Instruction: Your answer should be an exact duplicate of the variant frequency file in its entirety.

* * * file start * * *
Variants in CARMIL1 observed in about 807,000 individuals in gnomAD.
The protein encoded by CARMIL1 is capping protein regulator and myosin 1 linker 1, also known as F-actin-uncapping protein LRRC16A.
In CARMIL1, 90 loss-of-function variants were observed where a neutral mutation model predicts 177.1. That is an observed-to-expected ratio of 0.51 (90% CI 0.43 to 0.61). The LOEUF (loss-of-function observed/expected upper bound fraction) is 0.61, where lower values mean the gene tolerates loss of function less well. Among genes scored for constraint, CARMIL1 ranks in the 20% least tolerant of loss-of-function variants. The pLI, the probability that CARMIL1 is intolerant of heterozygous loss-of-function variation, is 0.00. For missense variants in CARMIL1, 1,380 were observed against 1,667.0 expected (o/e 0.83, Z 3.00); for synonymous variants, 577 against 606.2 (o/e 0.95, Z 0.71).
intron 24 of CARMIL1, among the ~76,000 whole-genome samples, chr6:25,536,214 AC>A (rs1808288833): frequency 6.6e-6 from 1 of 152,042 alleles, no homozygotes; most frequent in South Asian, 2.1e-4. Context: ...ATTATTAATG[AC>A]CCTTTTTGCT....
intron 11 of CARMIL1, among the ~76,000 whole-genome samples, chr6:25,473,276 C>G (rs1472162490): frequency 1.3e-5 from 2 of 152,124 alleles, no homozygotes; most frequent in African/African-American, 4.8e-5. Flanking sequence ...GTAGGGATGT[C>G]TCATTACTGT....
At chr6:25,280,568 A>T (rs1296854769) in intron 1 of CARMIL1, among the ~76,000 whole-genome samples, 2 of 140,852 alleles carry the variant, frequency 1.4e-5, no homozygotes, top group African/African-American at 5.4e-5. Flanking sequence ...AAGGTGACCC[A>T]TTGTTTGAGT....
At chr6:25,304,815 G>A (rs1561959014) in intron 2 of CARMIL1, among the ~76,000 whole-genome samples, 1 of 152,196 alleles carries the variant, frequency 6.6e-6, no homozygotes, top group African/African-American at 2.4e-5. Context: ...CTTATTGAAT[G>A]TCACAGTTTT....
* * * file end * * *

Variants in CARMIL1 observed in about 807,000 individuals in gnomAD.
The protein encoded by CARMIL1 is capping protein regulator and myosin 1 linker 1, also known as F-actin-uncapping protein LRRC16A.
In CARMIL1, 90 loss-of-function variants were observed where a neutral mutation model predicts 177.1. That is an observed-to-expected ratio of 0.51 (90% CI 0.43 to 0.61). The LOEUF (loss-of-function observed/expected upper bound fraction) is 0.61, where lower values mean the gene tolerates loss of function less well. Among genes scored for constraint, CARMIL1 ranks in the 20% least tolerant of loss-of-function variants. The pLI, the probability that CARMIL1 is intolerant of heterozygous loss-of-function variation, is 0.00. For missense variants in CARMIL1, 1,380 were observed against 1,667.0 expected (o/e 0.83, Z 3.00); for synonymous variants, 577 against 606.2 (o/e 0.95, Z 0.71).
intron 24 of CARMIL1, among the ~76,000 whole-genome samples, chr6:25,536,214 AC>A (rs1808288833): frequency 6.6e-6 from 1 of 152,042 alleles, no homozygotes; most frequent in South Asian, 2.1e-4. Context: ...ATTATTAATG[AC>A]CCTTTTTGCT....
intron 11 of CARMIL1, among the ~76,000 whole-genome samples, chr6:25,473,276 C>G (rs1472162490): frequency 1.3e-5 from 2 of 152,124 alleles, no homozygotes; most frequent in African/African-American, 4.8e-5. Flanking sequence ...GTAGGGATGT[C>G]TCATTACTGT....
At chr6:25,280,568 A>T (rs1296854769) in intron 1 of CARMIL1, among the ~76,000 whole-genome samples, 2 of 140,852 alleles carry the variant, frequency 1.4e-5, no homozygotes, top group African/African-American at 5.4e-5. Flanking sequence ...AAGGTGACCC[A>T]TTGTTTGAGT....
At chr6:25,304,815 G>A (rs1561959014) in intron 2 of CARMIL1, among the ~76,000 whole-genome samples, 1 of 152,196 alleles carries the variant, frequency 6.6e-6, no homozygotes, top group African/African-American at 2.4e-5. Context: ...CTTATTGAAT[G>A]TCACAGTTTT....